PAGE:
Apple tree requiem, or praise for its rebirth?

November 12, 2011

Trick or Treat? It was waaay too early for that first Nor’Easter snowfall – wrong holiday anyway. It should have been dubbed a “Nor’Weener.” With electricity now fully restored, we’re left surveying damage to ornamental landscaping and shade trees blamed for loss of power when snow-laden limbs snapped. The clean-up continues.

When the snow arrived, leaves were already off our maples, ash and birch. Oaks and beech retain their leaves and carried a heavier snow load than their leafless cousins. The pines and hemlocks folded closed like umbrellas.

The storm wrecked the canopy of one cherished front yard apple tree. That tree witnessed much in its 90 years. I have a 1920’s vintage, black and white postcard showing nursery stock planted in the dooryard of the historic inn which burned in the 1960’s. The apple tree grew another half century. I live there now.

Typically, apples are among the last trees to lose their leaves. Our front yard tree was a late variety that held a heavy crop of near-ripe fruit. That late bearing characteristic which contributed to its demise in the storm made the tree wildlife magnet for decades. In November, deer gathered beneath the tree after dusk. In December, turkeys scratched frozen apples from shallow snow. Winter resident birds used that tree as a staging area near front porch birdfeeders. The old apple tree was a fixture adorned in fragrant spring blossoms, summer foliage, autumn fruit or bare winter branches.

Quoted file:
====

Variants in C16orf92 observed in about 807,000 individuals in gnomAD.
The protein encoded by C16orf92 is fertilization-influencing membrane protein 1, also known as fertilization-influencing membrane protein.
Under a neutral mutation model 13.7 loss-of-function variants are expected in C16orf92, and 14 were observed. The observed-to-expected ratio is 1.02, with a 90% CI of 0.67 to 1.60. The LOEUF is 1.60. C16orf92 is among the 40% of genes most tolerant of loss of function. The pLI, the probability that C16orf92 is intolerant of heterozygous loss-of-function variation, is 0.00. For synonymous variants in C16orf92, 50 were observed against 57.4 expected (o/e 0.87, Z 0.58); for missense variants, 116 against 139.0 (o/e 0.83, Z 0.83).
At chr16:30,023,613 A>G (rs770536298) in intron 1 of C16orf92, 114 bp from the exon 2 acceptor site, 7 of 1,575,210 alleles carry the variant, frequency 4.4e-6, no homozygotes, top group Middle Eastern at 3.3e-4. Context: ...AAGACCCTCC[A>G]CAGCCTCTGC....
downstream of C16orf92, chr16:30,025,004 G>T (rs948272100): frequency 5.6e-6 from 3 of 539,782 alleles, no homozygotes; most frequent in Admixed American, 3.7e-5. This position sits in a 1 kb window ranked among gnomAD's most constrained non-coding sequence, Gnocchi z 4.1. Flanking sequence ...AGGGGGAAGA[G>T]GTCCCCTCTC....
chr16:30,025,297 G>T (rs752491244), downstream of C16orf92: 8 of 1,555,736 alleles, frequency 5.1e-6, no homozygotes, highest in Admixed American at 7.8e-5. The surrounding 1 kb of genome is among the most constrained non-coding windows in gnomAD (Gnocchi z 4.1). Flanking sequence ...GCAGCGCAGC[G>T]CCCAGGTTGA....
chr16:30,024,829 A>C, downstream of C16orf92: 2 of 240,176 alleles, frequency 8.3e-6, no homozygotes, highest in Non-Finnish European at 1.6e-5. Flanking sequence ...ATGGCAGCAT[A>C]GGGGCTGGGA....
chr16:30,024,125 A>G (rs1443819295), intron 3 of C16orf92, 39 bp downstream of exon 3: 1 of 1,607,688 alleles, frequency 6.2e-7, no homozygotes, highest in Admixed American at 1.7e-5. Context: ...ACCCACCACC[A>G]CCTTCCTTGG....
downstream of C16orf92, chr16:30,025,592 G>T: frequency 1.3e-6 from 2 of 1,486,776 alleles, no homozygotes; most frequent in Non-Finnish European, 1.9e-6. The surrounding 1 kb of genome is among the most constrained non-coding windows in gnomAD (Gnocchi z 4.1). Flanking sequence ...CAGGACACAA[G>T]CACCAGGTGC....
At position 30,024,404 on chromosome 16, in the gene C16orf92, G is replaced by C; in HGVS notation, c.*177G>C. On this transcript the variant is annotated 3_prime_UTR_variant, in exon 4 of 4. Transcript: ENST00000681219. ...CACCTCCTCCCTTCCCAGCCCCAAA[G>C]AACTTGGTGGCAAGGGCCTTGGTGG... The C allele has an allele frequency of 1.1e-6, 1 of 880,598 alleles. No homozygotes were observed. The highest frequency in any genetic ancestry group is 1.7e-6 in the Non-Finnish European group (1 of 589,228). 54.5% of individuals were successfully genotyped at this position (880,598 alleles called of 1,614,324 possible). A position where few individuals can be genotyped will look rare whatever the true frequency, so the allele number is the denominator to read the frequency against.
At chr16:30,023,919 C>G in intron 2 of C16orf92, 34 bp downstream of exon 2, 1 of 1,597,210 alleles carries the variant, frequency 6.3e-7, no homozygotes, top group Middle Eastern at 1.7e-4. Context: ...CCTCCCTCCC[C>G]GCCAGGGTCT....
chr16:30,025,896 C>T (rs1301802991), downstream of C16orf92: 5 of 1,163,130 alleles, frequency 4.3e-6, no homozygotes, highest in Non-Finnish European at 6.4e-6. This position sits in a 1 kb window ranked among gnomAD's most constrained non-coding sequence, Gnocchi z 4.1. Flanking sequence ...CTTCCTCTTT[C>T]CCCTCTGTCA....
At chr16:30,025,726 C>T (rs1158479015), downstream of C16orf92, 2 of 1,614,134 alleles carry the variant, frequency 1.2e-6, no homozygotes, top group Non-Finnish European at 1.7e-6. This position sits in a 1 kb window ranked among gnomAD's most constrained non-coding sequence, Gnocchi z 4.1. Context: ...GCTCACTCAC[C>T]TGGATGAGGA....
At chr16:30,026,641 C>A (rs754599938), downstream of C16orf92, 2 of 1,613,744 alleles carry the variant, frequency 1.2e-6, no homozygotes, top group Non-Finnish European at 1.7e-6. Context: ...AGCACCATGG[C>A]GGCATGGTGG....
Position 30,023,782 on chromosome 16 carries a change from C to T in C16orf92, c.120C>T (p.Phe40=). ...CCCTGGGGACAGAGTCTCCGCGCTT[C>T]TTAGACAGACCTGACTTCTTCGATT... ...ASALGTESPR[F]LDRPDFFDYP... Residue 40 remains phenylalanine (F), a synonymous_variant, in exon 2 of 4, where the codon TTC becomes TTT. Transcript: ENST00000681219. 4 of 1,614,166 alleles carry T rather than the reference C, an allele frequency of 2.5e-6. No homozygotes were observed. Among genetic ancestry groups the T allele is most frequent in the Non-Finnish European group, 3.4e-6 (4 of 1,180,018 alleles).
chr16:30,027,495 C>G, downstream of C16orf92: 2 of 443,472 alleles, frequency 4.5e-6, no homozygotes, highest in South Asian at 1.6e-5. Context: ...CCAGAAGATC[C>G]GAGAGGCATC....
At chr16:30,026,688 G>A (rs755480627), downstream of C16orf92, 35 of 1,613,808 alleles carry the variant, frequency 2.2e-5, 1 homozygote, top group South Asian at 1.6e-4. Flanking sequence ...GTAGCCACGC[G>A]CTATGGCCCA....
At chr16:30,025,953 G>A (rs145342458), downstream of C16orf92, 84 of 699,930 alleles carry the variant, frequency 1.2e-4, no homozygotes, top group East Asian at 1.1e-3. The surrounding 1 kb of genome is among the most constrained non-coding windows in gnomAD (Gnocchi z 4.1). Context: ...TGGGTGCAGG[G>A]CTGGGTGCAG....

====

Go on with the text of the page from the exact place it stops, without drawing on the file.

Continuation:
After the Halloween snowstorm mischief, I left its canopy wreckage lying in the yard. I now face an irreversible decision: leave the crooked trunk with one lone pitiful branch or cut it down and buck the trunk into firewood. Apple wood burns well with blue flames leaving long-lasting coals while wafting the sweetest smelling smoke.

Late-poet Shel Silverstein’s classic 1964 story The Giving Tree relates how a mature apple, offered a boy branches to climb, apples to eat or sell and shade in which to sit. Eventually the boy asked for wood to build a boat to sail away. When the boy returned years later, a tired old man, the Giving Tree then offered its stump, all it had left, as a place to sit and rest.

I think the old tree deserves a chance to re-sprout and grow into the future. It isn’t pretty – its gnarled and crooked trunk has only one branch. Like an old friend, it sports fine lines, wrinkles, hollows and scars of old wounds. To wildlife who continue to seek sweet, late apples, the tree is special – it has character.

Plus, I’m just not ready to concede to the “stump-sitting” stage myself.